Iced Tea Pitcher

I’m shopping for a pitcher but not just any pitcher. I want one like this one, my beautiful Pink Depression pitcher with a curled lip that keeps ice cubes inside. My husband drinks his cold tea without ice while I like mine full of ice. This pitcher is not dishwasher safe and cannot be used for the purpose described below. The pitcher I need must be dishwasher safe, although I won’t put it in the dishwasher. I haven’t been able to find a pitcher with both features. I found one at Target that was dishwasher safe but there was no guard to hold back the ice cubes. I found another one, also at Target, that had the curled lip but it wasn’t dishwasher safe. In fact, it had a sticker that said it was not suitable for hot liquid.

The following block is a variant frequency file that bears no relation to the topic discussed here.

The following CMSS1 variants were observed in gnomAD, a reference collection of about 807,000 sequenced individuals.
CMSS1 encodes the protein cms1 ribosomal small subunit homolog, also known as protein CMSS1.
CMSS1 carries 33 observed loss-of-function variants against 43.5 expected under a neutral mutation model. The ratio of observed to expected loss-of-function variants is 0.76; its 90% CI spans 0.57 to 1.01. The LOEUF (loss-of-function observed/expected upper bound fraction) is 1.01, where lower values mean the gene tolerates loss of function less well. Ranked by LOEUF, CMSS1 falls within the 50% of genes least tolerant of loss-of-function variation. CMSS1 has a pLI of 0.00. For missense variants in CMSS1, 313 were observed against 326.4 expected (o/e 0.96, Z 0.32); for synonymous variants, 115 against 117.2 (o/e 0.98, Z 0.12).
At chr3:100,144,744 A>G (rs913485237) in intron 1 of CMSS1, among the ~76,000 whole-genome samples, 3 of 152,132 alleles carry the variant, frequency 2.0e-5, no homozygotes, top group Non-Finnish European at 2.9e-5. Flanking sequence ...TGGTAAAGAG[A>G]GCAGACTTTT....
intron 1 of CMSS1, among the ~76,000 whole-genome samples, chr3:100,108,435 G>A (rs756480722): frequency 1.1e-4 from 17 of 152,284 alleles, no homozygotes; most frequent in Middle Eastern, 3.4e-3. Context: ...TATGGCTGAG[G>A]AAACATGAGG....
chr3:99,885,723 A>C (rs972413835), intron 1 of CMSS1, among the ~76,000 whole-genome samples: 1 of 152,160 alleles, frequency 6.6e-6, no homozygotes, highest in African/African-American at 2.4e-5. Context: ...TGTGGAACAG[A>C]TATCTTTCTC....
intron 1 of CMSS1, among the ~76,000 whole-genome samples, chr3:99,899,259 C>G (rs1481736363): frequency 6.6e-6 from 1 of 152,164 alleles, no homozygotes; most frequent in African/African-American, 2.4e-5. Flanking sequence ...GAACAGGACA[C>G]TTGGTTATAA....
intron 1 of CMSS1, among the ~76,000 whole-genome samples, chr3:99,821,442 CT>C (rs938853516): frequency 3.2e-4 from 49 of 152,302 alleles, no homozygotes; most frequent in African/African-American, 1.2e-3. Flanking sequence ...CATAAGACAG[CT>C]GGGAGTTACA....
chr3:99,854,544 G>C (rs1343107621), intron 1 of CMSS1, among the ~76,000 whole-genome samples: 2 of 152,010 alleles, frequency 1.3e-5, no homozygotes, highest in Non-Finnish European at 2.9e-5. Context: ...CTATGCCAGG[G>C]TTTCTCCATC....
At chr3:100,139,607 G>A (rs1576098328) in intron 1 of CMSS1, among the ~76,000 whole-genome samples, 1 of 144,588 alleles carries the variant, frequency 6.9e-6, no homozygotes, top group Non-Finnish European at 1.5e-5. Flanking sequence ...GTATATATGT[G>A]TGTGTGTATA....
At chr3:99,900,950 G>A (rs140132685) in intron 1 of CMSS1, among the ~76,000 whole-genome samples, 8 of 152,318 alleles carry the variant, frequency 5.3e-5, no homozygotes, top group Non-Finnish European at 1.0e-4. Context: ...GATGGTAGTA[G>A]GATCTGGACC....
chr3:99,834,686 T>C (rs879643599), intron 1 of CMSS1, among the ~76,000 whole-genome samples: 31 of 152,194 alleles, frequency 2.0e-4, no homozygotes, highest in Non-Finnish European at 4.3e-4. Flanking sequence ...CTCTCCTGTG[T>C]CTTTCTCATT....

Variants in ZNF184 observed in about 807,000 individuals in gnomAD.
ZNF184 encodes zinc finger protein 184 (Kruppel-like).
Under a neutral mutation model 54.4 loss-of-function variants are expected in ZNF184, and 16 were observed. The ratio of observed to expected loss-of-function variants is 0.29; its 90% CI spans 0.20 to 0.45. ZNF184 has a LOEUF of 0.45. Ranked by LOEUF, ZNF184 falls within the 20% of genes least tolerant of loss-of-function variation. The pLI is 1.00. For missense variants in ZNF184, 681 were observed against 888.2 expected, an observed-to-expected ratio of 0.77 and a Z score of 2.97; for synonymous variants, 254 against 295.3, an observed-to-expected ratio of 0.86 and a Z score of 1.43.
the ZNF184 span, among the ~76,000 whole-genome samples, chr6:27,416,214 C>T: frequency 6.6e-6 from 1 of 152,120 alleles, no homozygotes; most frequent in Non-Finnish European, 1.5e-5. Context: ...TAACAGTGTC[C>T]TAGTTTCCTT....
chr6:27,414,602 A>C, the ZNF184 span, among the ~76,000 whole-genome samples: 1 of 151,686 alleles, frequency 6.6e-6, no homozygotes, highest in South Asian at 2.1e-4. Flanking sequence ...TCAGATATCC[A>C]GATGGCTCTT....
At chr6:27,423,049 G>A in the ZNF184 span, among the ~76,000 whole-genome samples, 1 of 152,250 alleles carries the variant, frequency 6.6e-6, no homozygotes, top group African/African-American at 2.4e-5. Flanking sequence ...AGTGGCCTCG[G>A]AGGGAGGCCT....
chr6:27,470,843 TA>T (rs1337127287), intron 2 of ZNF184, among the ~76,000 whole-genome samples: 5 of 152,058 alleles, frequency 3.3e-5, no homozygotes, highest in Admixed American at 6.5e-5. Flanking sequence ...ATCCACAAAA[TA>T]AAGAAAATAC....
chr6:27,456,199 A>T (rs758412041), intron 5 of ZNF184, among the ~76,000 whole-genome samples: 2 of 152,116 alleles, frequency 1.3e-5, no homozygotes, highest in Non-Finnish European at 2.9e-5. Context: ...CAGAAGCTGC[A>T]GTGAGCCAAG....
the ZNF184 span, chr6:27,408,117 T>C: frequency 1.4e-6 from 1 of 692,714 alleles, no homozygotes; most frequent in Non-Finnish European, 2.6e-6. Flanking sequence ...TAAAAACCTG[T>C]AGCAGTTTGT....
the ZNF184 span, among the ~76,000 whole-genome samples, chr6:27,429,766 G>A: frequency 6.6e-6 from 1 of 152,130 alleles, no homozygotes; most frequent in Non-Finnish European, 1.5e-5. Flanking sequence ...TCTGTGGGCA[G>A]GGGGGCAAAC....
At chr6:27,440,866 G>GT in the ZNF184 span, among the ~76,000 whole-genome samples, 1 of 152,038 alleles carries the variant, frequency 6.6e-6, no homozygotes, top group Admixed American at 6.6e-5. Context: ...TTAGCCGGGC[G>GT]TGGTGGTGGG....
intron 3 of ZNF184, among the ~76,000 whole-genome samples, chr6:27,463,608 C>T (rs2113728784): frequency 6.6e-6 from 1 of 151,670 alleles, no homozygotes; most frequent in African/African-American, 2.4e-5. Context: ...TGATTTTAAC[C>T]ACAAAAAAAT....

I went online browsing for an iced tea pitcher and found that there were many kinds from plastic ones to pitchers designed to brew the tea! All I want is a cheap pitcher with those two characteristics. I don’t like iced tea brewed ahead, cooled, and stored in the fridge. I want my tea freshly brewed and poured over ice. Iced tea served immediately has a wonderful flavor that is different from iced tea that has been cooled and stored. This is my preference.

Here is how I prepare my iced tea (for 2 tall glasses of iced tea):
1) Put about 4-5 ounces of water in cup (not too much water)
2) Heat the cup of water in the microwave to boiling
3) Add 4 tea bags (2 bags for 1 tall glass) (make strong tea)
4) Brew 3-5 minutes